Rep. Kathy Manning (D-Greensboro), who is running for re-election in the 6th Congressional District, has worked on legislation about gun violence, and she issued a statement that called the agreement “a first step toward ending the scourge of gun violence that is ravaging our communities. I commend my Senate colleagues for working together to arrive at this compromise, and I urge them to work swiftly to draft this legislation so it can be passed into law,” she said.
“Gun violence will not be eradicated with one bill, but this agreement includes important measures that will help states effectively implement red flag laws, close the boyfriend loophole, enhance background checks for people under twenty-one, and increase access to mental health services. To take advantage of these resources, North Carolina must pass red flag laws to protect Americans from dangerous people who may be a threat to themselves or others.
“This agreement represents the first bipartisan opportunity to pass gun violence prevention legislation in more than two decades. It’s long overdue. The loved ones of the more than 41,000 Americans lost to gun violence every year are counting on Congress to get this done.”
The House bill
This Senate proposal, though, is far less restrictive than a measure passed by the House largely along a party-line vote that would place much more stringent requirements on gun ownership and ban some weapons.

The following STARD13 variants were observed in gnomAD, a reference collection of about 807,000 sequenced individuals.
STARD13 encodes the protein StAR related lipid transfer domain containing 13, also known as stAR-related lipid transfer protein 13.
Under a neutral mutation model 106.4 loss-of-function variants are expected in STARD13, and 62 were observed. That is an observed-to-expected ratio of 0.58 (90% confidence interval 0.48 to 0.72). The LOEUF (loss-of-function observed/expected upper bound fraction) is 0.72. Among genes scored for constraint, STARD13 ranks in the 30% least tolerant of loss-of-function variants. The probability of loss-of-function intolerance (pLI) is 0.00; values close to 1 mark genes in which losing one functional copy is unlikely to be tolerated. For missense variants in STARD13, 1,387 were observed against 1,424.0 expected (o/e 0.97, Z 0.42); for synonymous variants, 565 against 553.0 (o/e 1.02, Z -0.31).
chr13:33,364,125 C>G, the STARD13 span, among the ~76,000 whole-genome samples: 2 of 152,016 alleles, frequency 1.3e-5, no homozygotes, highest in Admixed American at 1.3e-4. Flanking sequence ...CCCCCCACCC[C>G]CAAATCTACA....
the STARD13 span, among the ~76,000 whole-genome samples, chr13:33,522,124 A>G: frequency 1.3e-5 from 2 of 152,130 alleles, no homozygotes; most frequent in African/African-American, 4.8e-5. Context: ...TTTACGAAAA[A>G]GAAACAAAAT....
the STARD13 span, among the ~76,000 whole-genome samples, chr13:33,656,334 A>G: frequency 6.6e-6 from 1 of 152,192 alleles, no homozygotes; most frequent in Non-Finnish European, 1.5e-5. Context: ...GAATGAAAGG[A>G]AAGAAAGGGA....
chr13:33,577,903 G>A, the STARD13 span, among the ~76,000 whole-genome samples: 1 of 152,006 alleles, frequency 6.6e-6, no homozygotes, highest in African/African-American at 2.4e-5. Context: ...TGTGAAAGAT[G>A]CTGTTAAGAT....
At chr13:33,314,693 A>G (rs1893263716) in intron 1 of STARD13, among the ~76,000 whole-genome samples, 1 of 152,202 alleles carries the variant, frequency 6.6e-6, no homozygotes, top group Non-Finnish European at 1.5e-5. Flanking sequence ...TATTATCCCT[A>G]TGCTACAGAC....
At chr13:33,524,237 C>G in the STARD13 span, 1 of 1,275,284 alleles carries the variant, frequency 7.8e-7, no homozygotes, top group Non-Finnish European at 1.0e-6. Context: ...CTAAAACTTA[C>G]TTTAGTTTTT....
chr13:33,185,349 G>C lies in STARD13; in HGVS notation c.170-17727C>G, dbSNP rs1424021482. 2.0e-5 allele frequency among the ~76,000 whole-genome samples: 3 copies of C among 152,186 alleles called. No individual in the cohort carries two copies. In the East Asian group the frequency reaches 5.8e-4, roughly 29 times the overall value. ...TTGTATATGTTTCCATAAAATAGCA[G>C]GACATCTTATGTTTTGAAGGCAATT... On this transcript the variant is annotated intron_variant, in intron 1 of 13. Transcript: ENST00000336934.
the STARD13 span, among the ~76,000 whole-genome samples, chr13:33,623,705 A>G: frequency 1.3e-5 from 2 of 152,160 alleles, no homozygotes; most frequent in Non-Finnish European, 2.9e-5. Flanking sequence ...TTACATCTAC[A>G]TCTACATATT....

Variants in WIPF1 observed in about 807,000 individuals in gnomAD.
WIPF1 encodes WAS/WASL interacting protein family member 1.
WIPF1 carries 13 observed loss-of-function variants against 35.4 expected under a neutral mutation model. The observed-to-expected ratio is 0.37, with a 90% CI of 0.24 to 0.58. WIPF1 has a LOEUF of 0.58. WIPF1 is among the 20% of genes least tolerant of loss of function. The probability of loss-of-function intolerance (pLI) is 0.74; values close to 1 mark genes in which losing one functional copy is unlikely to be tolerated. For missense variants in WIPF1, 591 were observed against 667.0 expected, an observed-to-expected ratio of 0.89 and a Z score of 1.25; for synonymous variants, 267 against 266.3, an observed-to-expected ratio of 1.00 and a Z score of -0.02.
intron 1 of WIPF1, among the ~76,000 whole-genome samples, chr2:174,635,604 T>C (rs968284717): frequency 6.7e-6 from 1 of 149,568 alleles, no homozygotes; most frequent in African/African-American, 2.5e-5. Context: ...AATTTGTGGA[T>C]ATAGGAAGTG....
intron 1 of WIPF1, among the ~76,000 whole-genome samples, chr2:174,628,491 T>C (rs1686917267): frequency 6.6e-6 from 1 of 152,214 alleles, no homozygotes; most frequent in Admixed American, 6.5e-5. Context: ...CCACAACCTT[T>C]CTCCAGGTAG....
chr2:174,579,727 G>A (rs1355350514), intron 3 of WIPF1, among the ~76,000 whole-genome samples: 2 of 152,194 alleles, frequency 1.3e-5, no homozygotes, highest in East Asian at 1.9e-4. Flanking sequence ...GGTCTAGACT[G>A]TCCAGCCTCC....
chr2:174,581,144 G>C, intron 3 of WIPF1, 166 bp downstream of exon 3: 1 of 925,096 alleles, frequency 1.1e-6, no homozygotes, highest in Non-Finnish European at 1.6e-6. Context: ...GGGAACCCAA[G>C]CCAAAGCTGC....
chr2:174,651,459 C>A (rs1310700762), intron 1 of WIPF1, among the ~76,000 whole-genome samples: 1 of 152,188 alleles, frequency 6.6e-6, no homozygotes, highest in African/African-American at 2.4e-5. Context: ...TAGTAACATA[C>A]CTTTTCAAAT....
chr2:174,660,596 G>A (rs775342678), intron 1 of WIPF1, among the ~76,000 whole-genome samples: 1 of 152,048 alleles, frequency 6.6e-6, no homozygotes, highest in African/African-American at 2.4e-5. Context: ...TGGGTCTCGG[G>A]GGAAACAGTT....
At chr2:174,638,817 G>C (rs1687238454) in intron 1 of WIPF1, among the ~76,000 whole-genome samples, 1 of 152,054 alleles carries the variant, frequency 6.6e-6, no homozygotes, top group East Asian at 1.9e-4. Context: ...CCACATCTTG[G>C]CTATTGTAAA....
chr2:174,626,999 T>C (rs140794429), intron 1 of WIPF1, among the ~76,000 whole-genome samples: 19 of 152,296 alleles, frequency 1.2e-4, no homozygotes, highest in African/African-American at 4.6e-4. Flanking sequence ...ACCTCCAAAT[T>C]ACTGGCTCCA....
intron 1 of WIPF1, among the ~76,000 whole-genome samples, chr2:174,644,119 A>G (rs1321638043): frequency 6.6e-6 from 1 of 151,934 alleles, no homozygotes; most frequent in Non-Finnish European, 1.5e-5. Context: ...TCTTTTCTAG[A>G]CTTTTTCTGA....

The House bill would:
- Raise the legal age to buy certain semiautomatic rifles from 18 to 21 years old.
- Establish federal offenses for gun trafficking and for selling large-capacity magazines.
- Allow local governments to compensate individuals who surrender such magazines through a buyback program.
- Create a tax incentive for retail sales of safe storage devices.
- Set criminal penalties for breaking laws stipulating how firearms must be stored in residences.
- Strengthen existing federal regulations on bump stocks and ghost guns.
Manning, a member of the House gun Violence Prevention Task Force, delivered a floor speech in support of that legislation.
But it’s not expected to gain traction in the Senate, although five Republicans supported it: Anthony Gonzalez of Ohio, Fred Upton of Michigan, Brian Fitzpatrick of Pennsylvania, Adam Kinzinger of Illinois and Chris Jacobs of New York. Two Democrats – Jared Golden of Maine and Kurt Schrader of Oregon – voted against it.
Felons with guns
Tillis on Monday joined a group of Republican senators – Tom Cotton of Arkansas, Marsha Blackburn of Tennessee, Bill Cassidy and John Kennedy of Louisiana, Steve Daines of Montana, Josh Hawley of Missouri, John Thune of South Dakota and Todd Young of Indiana – in filing a bill to increase penalties for felons who illegally possess or use firearms.
Such possession charges often are added to arrests of repeat offenders. This bill would set a minimum sentence of 5 years, increase mandatory sentences for repeat felons based on a sliding scale that could range up to 15 years and address technical language in the Armed Career Criminal Act.
“Finding commonsense solutions to reduce gun violence starts with preventing dangerous, violent felons from illegally possessing a firearm,” Tillis said in a release about the bill. “This is a necessary measure that could save countless lives, without treading on the constitutional rights of law-abiding Americans. It is a first step in reducing gun violence and I am proud to work with my colleagues to tighten up current law for felons and repeat offenders.”